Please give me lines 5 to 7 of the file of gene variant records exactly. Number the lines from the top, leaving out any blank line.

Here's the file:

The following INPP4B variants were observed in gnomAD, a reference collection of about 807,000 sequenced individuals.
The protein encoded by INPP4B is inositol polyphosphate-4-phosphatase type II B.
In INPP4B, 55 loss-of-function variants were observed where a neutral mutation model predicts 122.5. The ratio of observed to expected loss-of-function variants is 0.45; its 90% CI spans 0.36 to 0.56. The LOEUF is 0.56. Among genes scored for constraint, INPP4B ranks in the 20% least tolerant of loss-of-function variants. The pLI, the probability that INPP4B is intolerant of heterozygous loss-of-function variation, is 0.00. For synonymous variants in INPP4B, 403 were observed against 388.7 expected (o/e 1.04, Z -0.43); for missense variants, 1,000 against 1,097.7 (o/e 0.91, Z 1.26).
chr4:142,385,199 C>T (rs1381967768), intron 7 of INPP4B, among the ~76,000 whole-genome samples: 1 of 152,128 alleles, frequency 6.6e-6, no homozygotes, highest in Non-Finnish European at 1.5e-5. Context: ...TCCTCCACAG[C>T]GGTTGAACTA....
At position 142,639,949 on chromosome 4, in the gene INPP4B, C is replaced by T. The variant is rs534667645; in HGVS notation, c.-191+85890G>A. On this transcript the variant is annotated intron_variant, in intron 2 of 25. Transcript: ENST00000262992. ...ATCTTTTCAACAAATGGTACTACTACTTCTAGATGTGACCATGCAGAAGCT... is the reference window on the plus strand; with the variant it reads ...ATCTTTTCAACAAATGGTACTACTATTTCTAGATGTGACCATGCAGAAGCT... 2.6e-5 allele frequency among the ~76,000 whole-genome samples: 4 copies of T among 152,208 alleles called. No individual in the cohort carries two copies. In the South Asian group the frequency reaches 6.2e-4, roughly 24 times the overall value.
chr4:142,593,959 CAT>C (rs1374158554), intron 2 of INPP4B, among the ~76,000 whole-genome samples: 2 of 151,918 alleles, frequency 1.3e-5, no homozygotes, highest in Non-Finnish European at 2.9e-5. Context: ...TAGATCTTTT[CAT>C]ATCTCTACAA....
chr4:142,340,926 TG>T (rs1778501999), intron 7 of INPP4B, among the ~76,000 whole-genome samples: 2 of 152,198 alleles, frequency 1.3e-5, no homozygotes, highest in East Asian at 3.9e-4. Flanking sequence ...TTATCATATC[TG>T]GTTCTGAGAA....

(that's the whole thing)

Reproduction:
At position 142,639,949 on chromosome 4, in the gene INPP4B, C is replaced by T. The variant is rs534667645; in HGVS notation, c.-191+85890G>A. On this transcript the variant is annotated intron_variant, in intron 2 of 25. Transcript: ENST00000262992. ...ATCTTTTCAACAAATGGTACTACTACTTCTAGATGTGACCATGCAGAAGCT... is the reference window on the plus strand; with the variant it reads ...ATCTTTTCAACAAATGGTACTACTATTTCTAGATGTGACCATGCAGAAGCT... 2.6e-5 allele frequency among the ~76,000 whole-genome samples: 4 copies of T among 152,208 alleles called. No individual in the cohort carries two copies. In the South Asian group the frequency reaches 6.2e-4, roughly 24 times the overall value.
chr4:142,593,959 CAT>C (rs1374158554), intron 2 of INPP4B, among the ~76,000 whole-genome samples: 2 of 151,918 alleles, frequency 1.3e-5, no homozygotes, highest in Non-Finnish European at 2.9e-5. Context: ...TAGATCTTTT[CAT>C]ATCTCTACAA....
chr4:142,340,926 TG>T (rs1778501999), intron 7 of INPP4B, among the ~76,000 whole-genome samples: 2 of 152,198 alleles, frequency 1.3e-5, no homozygotes, highest in East Asian at 3.9e-4. Flanking sequence ...TTATCATATC[TG>T]GTTCTGAGAA....